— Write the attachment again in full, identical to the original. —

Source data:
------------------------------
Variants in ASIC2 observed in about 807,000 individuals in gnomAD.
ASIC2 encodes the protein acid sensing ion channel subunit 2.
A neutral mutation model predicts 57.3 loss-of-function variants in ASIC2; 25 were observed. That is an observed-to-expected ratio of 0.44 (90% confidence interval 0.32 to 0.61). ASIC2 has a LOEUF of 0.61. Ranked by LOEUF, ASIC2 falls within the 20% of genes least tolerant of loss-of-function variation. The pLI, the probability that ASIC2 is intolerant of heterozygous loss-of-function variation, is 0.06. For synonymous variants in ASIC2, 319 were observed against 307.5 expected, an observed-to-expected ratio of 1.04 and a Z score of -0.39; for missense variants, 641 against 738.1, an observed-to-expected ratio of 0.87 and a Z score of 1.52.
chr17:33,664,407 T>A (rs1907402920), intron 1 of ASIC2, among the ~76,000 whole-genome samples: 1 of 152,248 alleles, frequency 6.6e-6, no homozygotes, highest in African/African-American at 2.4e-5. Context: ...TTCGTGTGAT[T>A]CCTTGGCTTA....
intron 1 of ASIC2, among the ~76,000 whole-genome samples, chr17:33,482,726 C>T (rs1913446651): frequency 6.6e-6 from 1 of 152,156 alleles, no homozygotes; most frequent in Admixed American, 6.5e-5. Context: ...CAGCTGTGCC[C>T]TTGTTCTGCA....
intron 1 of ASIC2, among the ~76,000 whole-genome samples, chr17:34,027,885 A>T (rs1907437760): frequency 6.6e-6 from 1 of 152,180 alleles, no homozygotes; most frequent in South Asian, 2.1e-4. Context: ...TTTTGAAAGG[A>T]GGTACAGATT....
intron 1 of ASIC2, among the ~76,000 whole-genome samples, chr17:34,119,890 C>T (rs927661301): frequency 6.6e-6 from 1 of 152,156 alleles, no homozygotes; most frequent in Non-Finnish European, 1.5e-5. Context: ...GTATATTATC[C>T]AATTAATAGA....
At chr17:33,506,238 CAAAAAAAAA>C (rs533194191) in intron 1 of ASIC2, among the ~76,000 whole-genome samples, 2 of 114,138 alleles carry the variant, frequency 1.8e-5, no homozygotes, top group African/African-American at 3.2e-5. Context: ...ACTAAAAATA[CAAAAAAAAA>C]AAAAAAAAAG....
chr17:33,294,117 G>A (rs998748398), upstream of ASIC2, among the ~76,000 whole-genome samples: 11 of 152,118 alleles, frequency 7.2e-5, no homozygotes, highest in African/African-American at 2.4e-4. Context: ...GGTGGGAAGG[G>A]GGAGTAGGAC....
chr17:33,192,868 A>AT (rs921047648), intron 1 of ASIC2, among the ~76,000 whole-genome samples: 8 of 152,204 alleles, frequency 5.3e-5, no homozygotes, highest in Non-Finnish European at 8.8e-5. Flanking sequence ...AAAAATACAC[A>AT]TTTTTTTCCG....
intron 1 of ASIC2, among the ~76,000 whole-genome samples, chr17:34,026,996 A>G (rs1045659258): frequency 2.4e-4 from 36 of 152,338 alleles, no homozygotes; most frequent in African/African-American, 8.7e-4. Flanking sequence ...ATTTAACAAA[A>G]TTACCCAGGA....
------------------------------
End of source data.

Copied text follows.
Variants in ASIC2 observed in about 807,000 individuals in gnomAD.
ASIC2 encodes the protein acid sensing ion channel subunit 2.
A neutral mutation model predicts 57.3 loss-of-function variants in ASIC2; 25 were observed. That is an observed-to-expected ratio of 0.44 (90% confidence interval 0.32 to 0.61). ASIC2 has a LOEUF of 0.61. Ranked by LOEUF, ASIC2 falls within the 20% of genes least tolerant of loss-of-function variation. The pLI, the probability that ASIC2 is intolerant of heterozygous loss-of-function variation, is 0.06. For synonymous variants in ASIC2, 319 were observed against 307.5 expected, an observed-to-expected ratio of 1.04 and a Z score of -0.39; for missense variants, 641 against 738.1, an observed-to-expected ratio of 0.87 and a Z score of 1.52.
chr17:33,664,407 T>A (rs1907402920), intron 1 of ASIC2, among the ~76,000 whole-genome samples: 1 of 152,248 alleles, frequency 6.6e-6, no homozygotes, highest in African/African-American at 2.4e-5. Context: ...TTCGTGTGAT[T>A]CCTTGGCTTA....
intron 1 of ASIC2, among the ~76,000 whole-genome samples, chr17:33,482,726 C>T (rs1913446651): frequency 6.6e-6 from 1 of 152,156 alleles, no homozygotes; most frequent in Admixed American, 6.5e-5. Context: ...CAGCTGTGCC[C>T]TTGTTCTGCA....
intron 1 of ASIC2, among the ~76,000 whole-genome samples, chr17:34,027,885 A>T (rs1907437760): frequency 6.6e-6 from 1 of 152,180 alleles, no homozygotes; most frequent in South Asian, 2.1e-4. Context: ...TTTTGAAAGG[A>T]GGTACAGATT....
intron 1 of ASIC2, among the ~76,000 whole-genome samples, chr17:34,119,890 C>T (rs927661301): frequency 6.6e-6 from 1 of 152,156 alleles, no homozygotes; most frequent in Non-Finnish European, 1.5e-5. Context: ...GTATATTATC[C>T]AATTAATAGA....
At chr17:33,506,238 CAAAAAAAAA>C (rs533194191) in intron 1 of ASIC2, among the ~76,000 whole-genome samples, 2 of 114,138 alleles carry the variant, frequency 1.8e-5, no homozygotes, top group African/African-American at 3.2e-5. Context: ...ACTAAAAATA[CAAAAAAAAA>C]AAAAAAAAAG....
chr17:33,294,117 G>A (rs998748398), upstream of ASIC2, among the ~76,000 whole-genome samples: 11 of 152,118 alleles, frequency 7.2e-5, no homozygotes, highest in African/African-American at 2.4e-4. Context: ...GGTGGGAAGG[G>A]GGAGTAGGAC....
chr17:33,192,868 A>AT (rs921047648), intron 1 of ASIC2, among the ~76,000 whole-genome samples: 8 of 152,204 alleles, frequency 5.3e-5, no homozygotes, highest in Non-Finnish European at 8.8e-5. Flanking sequence ...AAAAATACAC[A>AT]TTTTTTTCCG....
intron 1 of ASIC2, among the ~76,000 whole-genome samples, chr17:34,026,996 A>G (rs1045659258): frequency 2.4e-4 from 36 of 152,338 alleles, no homozygotes; most frequent in African/African-American, 8.7e-4. Flanking sequence ...ATTTAACAAA[A>G]TTACCCAGGA....